Food Co-op Urges Residents Buy, Eat Local
You've heard the saying "You are what you eat." And if that's true, then about 500 people want to make you a better person.
Once a week, the downtown Gainesville farmer's market is full of fun, fresh food and farmers.
"Really the object is to connect people with the source of their food directly and to provide a much healthier alternative then what our grocery stores offer," says farmer Noah Shitama.
Shitama grows a lot of stuff on his farm, including carrots and a couple of different kinds of lettuce. He sells them at a farmer's market now but his plan is to soon be able to sell them at a co-op.
"We're trying to build up a system of trusted local growers who we know their farming practices and methodologies so that anyone who comes in can trust the food they get from there. It comes from a local source and good people," says Shitama.
Gretchen McIntyre, one of the co-op's founders, says it'll be called the "citizens co-op." It's set to open April 17th in South Gainesville.
The membership will cost 100 dollars.
There are already 500 members.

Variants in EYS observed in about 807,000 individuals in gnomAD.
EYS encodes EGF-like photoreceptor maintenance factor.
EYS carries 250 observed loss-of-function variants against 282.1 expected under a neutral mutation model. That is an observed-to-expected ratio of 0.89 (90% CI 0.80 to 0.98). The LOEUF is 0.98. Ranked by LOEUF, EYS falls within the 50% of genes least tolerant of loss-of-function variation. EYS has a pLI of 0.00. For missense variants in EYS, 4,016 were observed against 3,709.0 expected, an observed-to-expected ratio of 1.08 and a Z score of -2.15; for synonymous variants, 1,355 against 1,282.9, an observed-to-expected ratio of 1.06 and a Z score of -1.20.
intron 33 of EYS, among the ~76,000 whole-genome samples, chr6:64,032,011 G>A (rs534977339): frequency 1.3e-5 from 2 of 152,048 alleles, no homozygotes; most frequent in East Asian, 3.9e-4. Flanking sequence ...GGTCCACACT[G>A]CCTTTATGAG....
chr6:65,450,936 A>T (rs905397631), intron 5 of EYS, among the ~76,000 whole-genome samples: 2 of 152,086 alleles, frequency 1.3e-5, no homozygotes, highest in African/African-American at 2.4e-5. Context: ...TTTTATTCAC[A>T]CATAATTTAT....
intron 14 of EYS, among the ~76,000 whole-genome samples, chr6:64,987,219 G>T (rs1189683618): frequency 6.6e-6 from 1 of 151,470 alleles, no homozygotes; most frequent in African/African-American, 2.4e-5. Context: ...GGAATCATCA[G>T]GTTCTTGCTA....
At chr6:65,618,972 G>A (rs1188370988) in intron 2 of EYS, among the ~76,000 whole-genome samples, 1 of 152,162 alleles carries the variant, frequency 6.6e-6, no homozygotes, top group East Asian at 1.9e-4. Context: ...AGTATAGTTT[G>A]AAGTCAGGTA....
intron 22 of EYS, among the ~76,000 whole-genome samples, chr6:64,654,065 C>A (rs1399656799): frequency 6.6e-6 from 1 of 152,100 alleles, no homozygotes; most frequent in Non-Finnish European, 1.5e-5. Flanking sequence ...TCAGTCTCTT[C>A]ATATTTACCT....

While you don't have to be a member to shop there, members will get a say in how it's run. They'll also get a cut of the profits.
McIntyre hopes it not only stimulates the local economy, but gives people healthier food than they'll find in grocery stores but with grocery store convenience.
"You can only access the farmer's market one or two days a week at different locations around town so this will give you access to the local farmers and local food products seven days a week."
One farmer says there will be healthier options for the consumer. The co-op's creator says it will also feature a kitchen incubator. That means that if someone has an idea for a food product they'd like to sell they can bring in the recipe or idea and get help with developing a brand, a label, and various services that are necessary to get the product to the marketplace.
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